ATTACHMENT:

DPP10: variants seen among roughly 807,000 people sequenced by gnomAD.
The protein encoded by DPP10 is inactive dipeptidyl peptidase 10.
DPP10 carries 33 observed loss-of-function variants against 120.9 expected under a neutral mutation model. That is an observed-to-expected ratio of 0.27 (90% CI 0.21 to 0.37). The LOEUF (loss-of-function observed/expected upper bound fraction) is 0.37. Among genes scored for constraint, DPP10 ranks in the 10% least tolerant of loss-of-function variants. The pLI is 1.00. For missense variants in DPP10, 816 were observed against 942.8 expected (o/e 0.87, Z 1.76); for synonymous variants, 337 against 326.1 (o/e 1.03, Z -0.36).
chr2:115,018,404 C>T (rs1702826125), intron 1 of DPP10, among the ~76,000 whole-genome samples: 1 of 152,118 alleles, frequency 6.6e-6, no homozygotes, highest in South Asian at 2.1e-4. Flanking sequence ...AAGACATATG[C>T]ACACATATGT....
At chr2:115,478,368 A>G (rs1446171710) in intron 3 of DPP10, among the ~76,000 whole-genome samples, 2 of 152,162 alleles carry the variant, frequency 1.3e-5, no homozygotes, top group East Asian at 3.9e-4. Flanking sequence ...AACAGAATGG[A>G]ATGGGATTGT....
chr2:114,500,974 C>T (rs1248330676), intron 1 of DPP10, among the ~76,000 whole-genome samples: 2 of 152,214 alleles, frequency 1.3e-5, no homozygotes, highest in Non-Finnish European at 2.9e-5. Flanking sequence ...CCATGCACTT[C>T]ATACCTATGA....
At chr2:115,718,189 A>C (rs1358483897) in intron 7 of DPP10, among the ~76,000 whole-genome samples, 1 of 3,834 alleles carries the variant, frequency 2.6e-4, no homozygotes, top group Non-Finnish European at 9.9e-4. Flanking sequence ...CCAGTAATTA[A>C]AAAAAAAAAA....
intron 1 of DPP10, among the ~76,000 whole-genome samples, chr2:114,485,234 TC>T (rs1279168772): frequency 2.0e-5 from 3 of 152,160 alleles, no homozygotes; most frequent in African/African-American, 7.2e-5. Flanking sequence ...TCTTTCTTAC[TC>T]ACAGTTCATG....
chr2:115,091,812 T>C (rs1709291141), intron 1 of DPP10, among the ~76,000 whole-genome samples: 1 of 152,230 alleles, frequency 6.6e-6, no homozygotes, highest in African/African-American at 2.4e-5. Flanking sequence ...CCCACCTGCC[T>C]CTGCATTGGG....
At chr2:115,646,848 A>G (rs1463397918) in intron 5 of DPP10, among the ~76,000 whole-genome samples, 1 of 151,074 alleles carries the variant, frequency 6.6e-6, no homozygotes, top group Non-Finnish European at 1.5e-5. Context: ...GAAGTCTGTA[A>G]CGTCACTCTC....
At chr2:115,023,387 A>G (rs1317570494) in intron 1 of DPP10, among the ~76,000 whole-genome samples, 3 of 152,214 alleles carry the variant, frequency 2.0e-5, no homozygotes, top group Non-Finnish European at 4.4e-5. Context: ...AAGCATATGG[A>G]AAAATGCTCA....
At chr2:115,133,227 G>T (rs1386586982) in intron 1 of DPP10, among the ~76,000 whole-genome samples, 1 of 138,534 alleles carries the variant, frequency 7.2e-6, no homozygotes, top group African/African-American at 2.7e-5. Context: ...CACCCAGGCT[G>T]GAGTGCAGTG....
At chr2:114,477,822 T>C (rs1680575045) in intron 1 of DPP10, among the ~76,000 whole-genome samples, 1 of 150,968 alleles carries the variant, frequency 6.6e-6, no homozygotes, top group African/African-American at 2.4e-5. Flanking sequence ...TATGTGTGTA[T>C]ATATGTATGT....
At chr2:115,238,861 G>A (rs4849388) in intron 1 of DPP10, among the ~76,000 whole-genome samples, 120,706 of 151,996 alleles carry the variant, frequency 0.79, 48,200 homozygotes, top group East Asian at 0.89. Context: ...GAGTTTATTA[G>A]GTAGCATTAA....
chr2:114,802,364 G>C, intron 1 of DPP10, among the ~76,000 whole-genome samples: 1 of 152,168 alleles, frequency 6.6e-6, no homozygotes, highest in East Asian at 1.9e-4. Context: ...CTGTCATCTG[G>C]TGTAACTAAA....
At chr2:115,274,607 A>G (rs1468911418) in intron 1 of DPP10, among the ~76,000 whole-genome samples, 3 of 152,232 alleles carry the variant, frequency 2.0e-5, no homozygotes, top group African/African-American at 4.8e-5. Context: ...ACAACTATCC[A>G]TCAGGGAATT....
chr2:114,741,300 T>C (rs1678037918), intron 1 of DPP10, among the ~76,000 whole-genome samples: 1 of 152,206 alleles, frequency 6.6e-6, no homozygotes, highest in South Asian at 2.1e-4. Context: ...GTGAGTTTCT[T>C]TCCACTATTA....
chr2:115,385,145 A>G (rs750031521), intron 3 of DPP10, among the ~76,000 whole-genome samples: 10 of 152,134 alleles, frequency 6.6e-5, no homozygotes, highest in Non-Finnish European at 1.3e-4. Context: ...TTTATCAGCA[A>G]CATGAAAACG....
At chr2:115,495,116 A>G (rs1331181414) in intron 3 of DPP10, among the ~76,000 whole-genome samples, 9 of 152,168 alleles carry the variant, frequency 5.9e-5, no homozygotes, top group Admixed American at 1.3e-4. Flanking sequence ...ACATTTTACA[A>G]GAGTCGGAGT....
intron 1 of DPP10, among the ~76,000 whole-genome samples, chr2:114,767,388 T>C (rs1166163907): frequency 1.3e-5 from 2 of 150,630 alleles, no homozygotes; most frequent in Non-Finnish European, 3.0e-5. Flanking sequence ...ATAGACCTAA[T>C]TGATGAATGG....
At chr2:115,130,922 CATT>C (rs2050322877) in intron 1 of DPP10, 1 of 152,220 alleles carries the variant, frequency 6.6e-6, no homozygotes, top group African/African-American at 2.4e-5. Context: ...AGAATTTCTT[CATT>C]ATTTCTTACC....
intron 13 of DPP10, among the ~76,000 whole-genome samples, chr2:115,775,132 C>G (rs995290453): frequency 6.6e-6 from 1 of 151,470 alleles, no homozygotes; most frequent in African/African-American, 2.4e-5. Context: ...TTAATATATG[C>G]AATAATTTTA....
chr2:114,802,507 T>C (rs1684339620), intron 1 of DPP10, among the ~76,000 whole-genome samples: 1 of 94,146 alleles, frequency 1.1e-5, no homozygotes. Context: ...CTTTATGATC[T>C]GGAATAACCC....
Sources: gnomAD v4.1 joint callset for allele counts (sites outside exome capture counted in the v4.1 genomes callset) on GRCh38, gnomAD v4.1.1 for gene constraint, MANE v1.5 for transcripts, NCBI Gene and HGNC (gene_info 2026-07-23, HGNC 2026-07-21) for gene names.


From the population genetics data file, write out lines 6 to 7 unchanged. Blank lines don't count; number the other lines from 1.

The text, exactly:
chr2:114,500,974 C>T (rs1248330676), intron 1 of DPP10, among the ~76,000 whole-genome samples: 2 of 152,214 alleles, frequency 1.3e-5, no homozygotes, highest in Non-Finnish European at 2.9e-5. Flanking sequence ...CCATGCACTT[C>T]ATACCTATGA....
At chr2:115,718,189 A>C (rs1358483897) in intron 7 of DPP10, among the ~76,000 whole-genome samples, 1 of 3,834 alleles carries the variant, frequency 2.6e-4, no homozygotes, top group Non-Finnish European at 9.9e-4. Flanking sequence ...CCAGTAATTA[A>C]AAAAAAAAAA....